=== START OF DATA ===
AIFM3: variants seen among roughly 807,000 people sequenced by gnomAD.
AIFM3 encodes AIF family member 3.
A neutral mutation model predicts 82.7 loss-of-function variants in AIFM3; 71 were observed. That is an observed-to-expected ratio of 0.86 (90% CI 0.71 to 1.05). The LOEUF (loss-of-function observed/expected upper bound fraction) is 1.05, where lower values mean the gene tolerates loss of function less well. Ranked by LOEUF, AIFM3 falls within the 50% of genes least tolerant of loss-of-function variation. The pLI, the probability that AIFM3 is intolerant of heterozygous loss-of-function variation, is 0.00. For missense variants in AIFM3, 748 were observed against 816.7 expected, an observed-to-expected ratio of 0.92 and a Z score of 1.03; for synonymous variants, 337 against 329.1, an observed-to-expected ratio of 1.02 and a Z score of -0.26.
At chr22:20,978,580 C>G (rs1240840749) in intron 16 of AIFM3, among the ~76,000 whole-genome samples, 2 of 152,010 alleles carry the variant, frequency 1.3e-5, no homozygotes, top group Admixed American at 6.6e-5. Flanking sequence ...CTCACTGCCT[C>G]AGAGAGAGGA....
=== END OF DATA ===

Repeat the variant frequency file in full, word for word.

AIFM3: variants seen among roughly 807,000 people sequenced by gnomAD.
AIFM3 encodes AIF family member 3.
A neutral mutation model predicts 82.7 loss-of-function variants in AIFM3; 71 were observed. That is an observed-to-expected ratio of 0.86 (90% CI 0.71 to 1.05). The LOEUF (loss-of-function observed/expected upper bound fraction) is 1.05, where lower values mean the gene tolerates loss of function less well. Ranked by LOEUF, AIFM3 falls within the 50% of genes least tolerant of loss-of-function variation. The pLI, the probability that AIFM3 is intolerant of heterozygous loss-of-function variation, is 0.00. For missense variants in AIFM3, 748 were observed against 816.7 expected, an observed-to-expected ratio of 0.92 and a Z score of 1.03; for synonymous variants, 337 against 329.1, an observed-to-expected ratio of 1.02 and a Z score of -0.26.
At chr22:20,978,580 C>G (rs1240840749) in intron 16 of AIFM3, among the ~76,000 whole-genome samples, 2 of 152,010 alleles carry the variant, frequency 1.3e-5, no homozygotes, top group Admixed American at 6.6e-5. Flanking sequence ...CTCACTGCCT[C>G]AGAGAGAGGA....